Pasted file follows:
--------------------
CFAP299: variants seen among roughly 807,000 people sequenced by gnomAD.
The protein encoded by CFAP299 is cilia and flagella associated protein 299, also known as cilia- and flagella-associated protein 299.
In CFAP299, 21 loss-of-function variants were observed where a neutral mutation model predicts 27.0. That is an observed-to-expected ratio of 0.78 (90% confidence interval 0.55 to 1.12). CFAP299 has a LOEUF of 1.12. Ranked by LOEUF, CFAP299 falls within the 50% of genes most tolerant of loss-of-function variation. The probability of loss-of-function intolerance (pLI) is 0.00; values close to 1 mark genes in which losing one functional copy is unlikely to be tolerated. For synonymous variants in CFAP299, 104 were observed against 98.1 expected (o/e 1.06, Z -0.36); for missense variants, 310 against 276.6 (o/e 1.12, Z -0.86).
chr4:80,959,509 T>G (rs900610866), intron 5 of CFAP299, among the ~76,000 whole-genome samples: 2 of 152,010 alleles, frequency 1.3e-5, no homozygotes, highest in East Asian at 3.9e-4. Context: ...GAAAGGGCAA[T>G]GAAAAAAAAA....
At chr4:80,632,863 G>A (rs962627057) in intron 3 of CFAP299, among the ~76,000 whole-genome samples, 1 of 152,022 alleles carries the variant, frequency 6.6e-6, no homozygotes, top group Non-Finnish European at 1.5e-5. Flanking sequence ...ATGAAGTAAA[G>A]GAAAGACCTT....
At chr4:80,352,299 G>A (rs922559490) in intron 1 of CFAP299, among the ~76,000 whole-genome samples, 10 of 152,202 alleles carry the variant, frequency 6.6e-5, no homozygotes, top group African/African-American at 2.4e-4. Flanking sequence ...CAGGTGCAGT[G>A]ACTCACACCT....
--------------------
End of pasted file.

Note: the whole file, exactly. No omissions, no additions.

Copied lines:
CFAP299: variants seen among roughly 807,000 people sequenced by gnomAD.
The protein encoded by CFAP299 is cilia and flagella associated protein 299, also known as cilia- and flagella-associated protein 299.
In CFAP299, 21 loss-of-function variants were observed where a neutral mutation model predicts 27.0. That is an observed-to-expected ratio of 0.78 (90% confidence interval 0.55 to 1.12). CFAP299 has a LOEUF of 1.12. Ranked by LOEUF, CFAP299 falls within the 50% of genes most tolerant of loss-of-function variation. The probability of loss-of-function intolerance (pLI) is 0.00; values close to 1 mark genes in which losing one functional copy is unlikely to be tolerated. For synonymous variants in CFAP299, 104 were observed against 98.1 expected (o/e 1.06, Z -0.36); for missense variants, 310 against 276.6 (o/e 1.12, Z -0.86).
chr4:80,959,509 T>G (rs900610866), intron 5 of CFAP299, among the ~76,000 whole-genome samples: 2 of 152,010 alleles, frequency 1.3e-5, no homozygotes, highest in East Asian at 3.9e-4. Context: ...GAAAGGGCAA[T>G]GAAAAAAAAA....
At chr4:80,632,863 G>A (rs962627057) in intron 3 of CFAP299, among the ~76,000 whole-genome samples, 1 of 152,022 alleles carries the variant, frequency 6.6e-6, no homozygotes, top group Non-Finnish European at 1.5e-5. Flanking sequence ...ATGAAGTAAA[G>A]GAAAGACCTT....
At chr4:80,352,299 G>A (rs922559490) in intron 1 of CFAP299, among the ~76,000 whole-genome samples, 10 of 152,202 alleles carry the variant, frequency 6.6e-5, no homozygotes, top group African/African-American at 2.4e-4. Flanking sequence ...CAGGTGCAGT[G>A]ACTCACACCT....